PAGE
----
This is the basic human situation.
But this trade-off relationship between security and freedom has changed over the past decade. A whole new entitlement to security has entered our societies.
Over the years, the risks we face as a society have decreased. We don’t have to hunt for survival. Polio is not a threat to our health anymore. Neither is the plaque.
We have been given steady incomes and perceived job guarantees.
The cold war has been over for a while.
Over the past decades, we were fortunate to experience a long streak of stability. Economies in the Western World were booming, and the tempting offer was that in exchange for a college education and your dedicated time, you would get a fixed salary with the prospect of buying a house, getting married and having children, and entering into safe retirement.
A generation of corporate executives grew up and were educated in a time when job opportunities were plentiful and once in, then jobs were protected through strong market entry barriers, the economic moats of their employers. Banks cashed in the upsides from highly risky transactions, and when the sh*t hit the fan, government bailed them out. Many lost their jobs, in particular the younger ones had to rethink what their careers were about. But then there were the older ones who had amassed enough wealth to continue a highly comfortable live in the safety zone. Risk was transferred to society, the ultimate insurance company.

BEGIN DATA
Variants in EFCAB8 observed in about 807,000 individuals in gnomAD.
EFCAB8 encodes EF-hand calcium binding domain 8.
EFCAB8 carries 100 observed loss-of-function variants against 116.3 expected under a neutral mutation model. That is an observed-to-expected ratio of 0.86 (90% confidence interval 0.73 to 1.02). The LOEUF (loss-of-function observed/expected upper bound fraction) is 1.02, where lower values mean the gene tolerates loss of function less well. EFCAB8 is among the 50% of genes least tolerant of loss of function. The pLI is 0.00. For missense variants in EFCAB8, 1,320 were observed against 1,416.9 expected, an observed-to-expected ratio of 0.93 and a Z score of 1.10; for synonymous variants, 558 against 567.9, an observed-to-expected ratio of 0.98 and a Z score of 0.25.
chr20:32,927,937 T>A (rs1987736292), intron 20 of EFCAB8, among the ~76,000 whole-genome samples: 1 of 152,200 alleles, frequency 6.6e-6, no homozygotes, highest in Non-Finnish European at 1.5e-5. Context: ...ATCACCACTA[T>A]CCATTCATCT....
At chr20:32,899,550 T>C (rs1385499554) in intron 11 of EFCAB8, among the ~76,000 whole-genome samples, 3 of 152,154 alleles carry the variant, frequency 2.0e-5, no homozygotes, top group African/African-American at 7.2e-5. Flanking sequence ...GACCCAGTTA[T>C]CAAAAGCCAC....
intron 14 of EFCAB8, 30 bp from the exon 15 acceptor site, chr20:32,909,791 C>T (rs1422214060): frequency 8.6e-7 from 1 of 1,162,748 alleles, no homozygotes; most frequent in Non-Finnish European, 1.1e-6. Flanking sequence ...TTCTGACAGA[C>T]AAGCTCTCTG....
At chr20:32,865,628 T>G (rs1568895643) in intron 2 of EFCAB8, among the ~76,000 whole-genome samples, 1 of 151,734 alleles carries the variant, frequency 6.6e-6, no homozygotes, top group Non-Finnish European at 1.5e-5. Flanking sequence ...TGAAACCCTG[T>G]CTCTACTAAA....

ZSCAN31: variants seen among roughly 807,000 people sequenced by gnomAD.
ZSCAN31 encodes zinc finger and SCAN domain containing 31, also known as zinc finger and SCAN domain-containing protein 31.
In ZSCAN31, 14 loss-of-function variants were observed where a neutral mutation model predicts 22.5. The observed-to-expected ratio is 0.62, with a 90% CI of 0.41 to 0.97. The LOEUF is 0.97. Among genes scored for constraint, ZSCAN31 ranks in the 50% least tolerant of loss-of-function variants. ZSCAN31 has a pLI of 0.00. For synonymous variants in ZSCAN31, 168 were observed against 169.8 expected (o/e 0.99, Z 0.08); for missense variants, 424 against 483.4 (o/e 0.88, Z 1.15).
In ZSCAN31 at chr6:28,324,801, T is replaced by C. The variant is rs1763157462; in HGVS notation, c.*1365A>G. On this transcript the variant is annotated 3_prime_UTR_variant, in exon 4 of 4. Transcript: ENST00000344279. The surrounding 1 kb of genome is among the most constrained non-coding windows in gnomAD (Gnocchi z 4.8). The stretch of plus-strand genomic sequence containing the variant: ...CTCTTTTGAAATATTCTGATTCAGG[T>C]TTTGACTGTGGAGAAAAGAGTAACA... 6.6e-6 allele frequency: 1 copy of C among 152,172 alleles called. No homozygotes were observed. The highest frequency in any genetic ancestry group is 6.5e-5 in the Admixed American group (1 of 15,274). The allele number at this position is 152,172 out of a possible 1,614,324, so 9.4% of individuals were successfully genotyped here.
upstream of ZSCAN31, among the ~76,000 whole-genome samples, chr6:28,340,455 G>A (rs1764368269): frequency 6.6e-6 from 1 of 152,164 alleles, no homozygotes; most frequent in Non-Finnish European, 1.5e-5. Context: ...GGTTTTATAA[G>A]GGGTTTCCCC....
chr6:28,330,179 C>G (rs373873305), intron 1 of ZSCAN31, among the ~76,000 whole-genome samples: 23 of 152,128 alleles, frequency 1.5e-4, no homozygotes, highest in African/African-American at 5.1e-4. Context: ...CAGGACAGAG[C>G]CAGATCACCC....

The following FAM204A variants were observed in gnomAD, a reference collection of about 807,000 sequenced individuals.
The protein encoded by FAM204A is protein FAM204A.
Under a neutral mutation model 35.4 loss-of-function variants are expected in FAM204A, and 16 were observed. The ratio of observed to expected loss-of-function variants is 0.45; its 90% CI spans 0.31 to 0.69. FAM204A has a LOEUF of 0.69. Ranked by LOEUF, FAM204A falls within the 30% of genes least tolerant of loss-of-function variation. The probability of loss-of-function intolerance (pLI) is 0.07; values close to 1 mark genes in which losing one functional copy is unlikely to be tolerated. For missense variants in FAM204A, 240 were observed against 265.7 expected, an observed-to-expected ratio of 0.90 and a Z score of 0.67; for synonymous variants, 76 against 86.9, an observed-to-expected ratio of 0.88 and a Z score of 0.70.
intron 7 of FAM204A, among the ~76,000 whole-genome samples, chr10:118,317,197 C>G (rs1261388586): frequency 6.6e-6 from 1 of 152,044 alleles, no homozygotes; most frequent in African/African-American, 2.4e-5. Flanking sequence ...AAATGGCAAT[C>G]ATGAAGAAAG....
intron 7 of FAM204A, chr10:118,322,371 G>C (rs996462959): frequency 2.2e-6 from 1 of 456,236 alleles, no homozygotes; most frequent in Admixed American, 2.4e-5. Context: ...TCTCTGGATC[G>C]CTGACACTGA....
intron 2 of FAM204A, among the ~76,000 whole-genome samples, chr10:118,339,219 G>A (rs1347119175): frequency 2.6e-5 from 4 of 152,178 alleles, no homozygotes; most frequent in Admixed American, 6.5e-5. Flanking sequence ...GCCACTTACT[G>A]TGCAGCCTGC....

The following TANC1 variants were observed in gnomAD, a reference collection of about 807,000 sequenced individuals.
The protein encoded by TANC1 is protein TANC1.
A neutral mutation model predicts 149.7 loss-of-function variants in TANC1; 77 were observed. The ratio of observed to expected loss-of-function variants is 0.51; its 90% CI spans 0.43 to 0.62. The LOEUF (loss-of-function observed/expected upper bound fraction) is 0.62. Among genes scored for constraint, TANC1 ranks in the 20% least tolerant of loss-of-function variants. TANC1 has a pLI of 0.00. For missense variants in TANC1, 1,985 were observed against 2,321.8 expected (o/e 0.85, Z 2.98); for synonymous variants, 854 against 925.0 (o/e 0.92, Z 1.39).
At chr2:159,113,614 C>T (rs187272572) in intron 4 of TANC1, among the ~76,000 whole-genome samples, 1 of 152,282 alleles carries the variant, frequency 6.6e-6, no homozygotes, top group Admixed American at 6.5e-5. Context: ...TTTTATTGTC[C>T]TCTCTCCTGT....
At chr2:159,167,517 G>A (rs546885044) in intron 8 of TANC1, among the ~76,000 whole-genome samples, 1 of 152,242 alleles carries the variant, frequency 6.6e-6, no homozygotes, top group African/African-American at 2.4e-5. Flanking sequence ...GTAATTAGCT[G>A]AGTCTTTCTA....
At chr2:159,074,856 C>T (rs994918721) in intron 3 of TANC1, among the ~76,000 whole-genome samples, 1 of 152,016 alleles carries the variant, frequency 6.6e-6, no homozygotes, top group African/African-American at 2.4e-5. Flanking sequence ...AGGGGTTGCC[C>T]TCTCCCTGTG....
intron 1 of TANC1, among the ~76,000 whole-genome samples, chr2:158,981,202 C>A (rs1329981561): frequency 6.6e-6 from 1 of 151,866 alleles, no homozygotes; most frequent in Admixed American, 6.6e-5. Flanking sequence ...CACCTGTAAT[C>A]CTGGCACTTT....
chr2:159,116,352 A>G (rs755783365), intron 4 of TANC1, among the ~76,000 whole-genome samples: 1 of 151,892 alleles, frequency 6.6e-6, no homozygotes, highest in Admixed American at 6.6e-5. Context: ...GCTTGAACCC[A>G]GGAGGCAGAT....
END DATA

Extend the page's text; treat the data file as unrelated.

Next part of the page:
Over these past decades we have been provided with a distorted image. These decades of continuous growth and stability have provided us with the impression that we can have the cake while eating it. We were told that we have a right to the upsides without the risk. We have lost a unified measure for accountability.
This deal has created a false sense of entitlement to the status quo.
What we see now, is a misperception of these risk adjusted returns. To conclude the metaphor, people have been told the illusion that they can have guaranteed returns by investing in startups. They have been given the impression that there are free lunches available. Free lunches and free refills. So why leave the restaurant then?
Coming from this stable environment into the rougher seas, it is tempting to try to retain that perceived stability from the past by whatever means necessary.
As we have explored, now the volume of change has been turned up again. For those who come from the smooth riding era of stability, experiencing the triplet of digitization, climate change and corona may seem a bit overwhelming from time to time.
Unfortunately fear can have an impact on our behavior, from consumption patterns to voting behavior.
The media can even reinforce that fear of change by reporting on perceived dangers that derive from this changing world. When they move statistically insignificant incidents to significance through prime time televisions, they create a feeling of imminent danger for people.
Change, Disruption and Crisis tends to be positioned as something evil, something that harms us. Media headlines tend to be focused on how we can preserve the status quo, and on the threat that the crisis provides. From politicians, we hear that “this is a new situation”, when they have problems finding the right path of action. For corporates, the term “disruption” has become the go-to term, when it comes to justifying that competitors are taking the lead.
Thinking of it, the term “Disruption” is quite a negative term. Your train can get disrupted. There is no value in this, is there? Traffic can get disrupted. “No, not another traffic jam please.”
So our terminology has replaced the proactive, positive term “innovation” by the defensive, negative term “disruption.” I guess Clayton Christensen did not write his book with a smiley face on his desk.